a new researchconducted by researchers affiliated with Memorial Sloan Kettering Cancer Center in New York City and published in the journal. Supportive care in cancersought the perspectives of 1,258 cancer patients to learn more about the relationship between cannabis and cancer symptoms.
“To characterize cannabis use in cancer patients, we aimed to 1) describe the patterns of cannabis use across multiple cancer sites; 2) the perceived goals, benefits, and harms of cannabis. and 3) communication about cannabis,” the authors write in the study abstract.
How do cancer patients use cannabis and is it effective?
The study looked at patients with nine different cancers treated at Memorial Sloan Kettering Cancer Center between March and August 2021. Respondents completed an online or telephone survey asking about cannabis use, cannabis attitudes, and communication.
The researchers used multivariable logistic regression to estimate the association between cancer type and cannabis use, adjusting for sociodemographic characteristics and previous cannabis use.
All respondents resided in states where the use of medical marijuana for cancer is legal, and 31% said they used cannabis products after diagnosis, ranging from 25% for lung cancer to 25% for testicular cancer. It was up to 59% of the total.
“Characteristics associated with cannabis use include younger age, lower education level, and type of cancer. Multivariate analysis showed that compared with lung cancer patients, gastrointestinal cancer patients were more likely to use cannabis. ,” the study said.
The researchers also said that cannabis use in the year before diagnosis was “strongly associated” with cannabis use after diagnosis. Most cannabis users reported using cannabis to help them sleep (48%). This was followed by use for stress, anxiety, and depression (46%). and pain (42%). Among those who used cannabis to improve their symptoms, 70-90% reported improvement, while less than 5% said their symptoms worsened.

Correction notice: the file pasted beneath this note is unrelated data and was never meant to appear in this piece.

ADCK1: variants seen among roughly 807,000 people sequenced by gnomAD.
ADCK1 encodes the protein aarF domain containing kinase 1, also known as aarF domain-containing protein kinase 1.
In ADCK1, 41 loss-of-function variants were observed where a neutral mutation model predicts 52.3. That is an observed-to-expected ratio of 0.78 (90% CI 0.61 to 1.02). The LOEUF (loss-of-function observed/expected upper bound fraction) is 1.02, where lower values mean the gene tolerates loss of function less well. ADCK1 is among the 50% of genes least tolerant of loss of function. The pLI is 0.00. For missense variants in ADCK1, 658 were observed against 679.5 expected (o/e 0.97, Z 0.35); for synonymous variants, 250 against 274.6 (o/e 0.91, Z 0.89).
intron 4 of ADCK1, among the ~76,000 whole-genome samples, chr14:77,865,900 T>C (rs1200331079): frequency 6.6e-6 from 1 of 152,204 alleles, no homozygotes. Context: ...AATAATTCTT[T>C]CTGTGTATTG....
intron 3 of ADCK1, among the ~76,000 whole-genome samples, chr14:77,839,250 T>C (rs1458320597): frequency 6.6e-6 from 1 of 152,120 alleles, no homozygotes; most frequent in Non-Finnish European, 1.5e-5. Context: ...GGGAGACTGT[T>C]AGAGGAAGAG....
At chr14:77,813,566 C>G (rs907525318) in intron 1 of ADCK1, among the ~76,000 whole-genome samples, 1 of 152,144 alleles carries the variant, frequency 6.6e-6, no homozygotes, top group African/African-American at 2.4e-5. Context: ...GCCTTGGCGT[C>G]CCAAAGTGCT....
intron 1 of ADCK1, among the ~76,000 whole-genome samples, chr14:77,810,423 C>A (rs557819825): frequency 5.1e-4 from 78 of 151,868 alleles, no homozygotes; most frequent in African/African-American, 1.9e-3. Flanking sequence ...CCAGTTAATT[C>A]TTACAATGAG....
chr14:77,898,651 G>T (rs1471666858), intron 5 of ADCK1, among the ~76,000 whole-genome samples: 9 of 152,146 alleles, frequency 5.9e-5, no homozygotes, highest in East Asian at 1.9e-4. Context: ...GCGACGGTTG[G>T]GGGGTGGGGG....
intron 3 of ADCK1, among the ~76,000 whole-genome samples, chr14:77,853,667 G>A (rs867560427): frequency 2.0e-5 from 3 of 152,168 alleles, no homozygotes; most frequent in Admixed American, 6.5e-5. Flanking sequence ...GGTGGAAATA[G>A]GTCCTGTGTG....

matches Previous data While they were reluctant to disclose their cannabis use to a health care provider, only 25% said they had discussed their cannabis use with a health care provider.
Cancer patients can find relief through cannabis despite no oncologist involvement
In the study’s conclusions, the authors note that cannabis use among cancer patients is common across sociodemographic and clinical populations, and that cannabis is often obtained independent of oncologists. It is pointed out that research shows that The authors note that “oncologists and other members of the oncology team are in a unique position to provide education about the harms and benefits of cannabis use, especially to cancer patients,” and that this context is “Evidence is particularly important when it comes to issues that are often contradictory and contradictory.” “
“Interventions to improve cannabis education and communication do not need to be targeted at oncologists treating specific cancers, as cannabis use appears to be consistent across multiple patient characteristics.” the authors concluded. “…to improve decision-making regarding cannabis use during cancer treatment, research is needed to determine the benefits and harms of cannabis use.”
Continuing evidence regarding cannabis as a treatment for cancer symptoms
Although the use of cannabis by cancer patients to relieve symptoms is not new, research surrounding cannabis as an effective treatment for symptom relief continues to grow. That said, available research results show promising results in the treatment of cancer-related symptoms.
A May 2023 study found that medical cannabis, when combined with other drugs, is a safe and effective treatment for pain caused by cancer. The researchers concluded that medical cannabis “is a safe and complementary treatment option for cancer patients for whom traditional painkillers such as opioids do not provide sufficient pain relief.” This study found that medical cannabis specifically significantly reduced pain.
Another study published in 2022 similarly found that cancer patients who used medical cannabis had less pain and that cannabis reduced the need for strong opiate painkillers. The study also found that cannabis was well tolerated and reduced other cancer-related symptoms.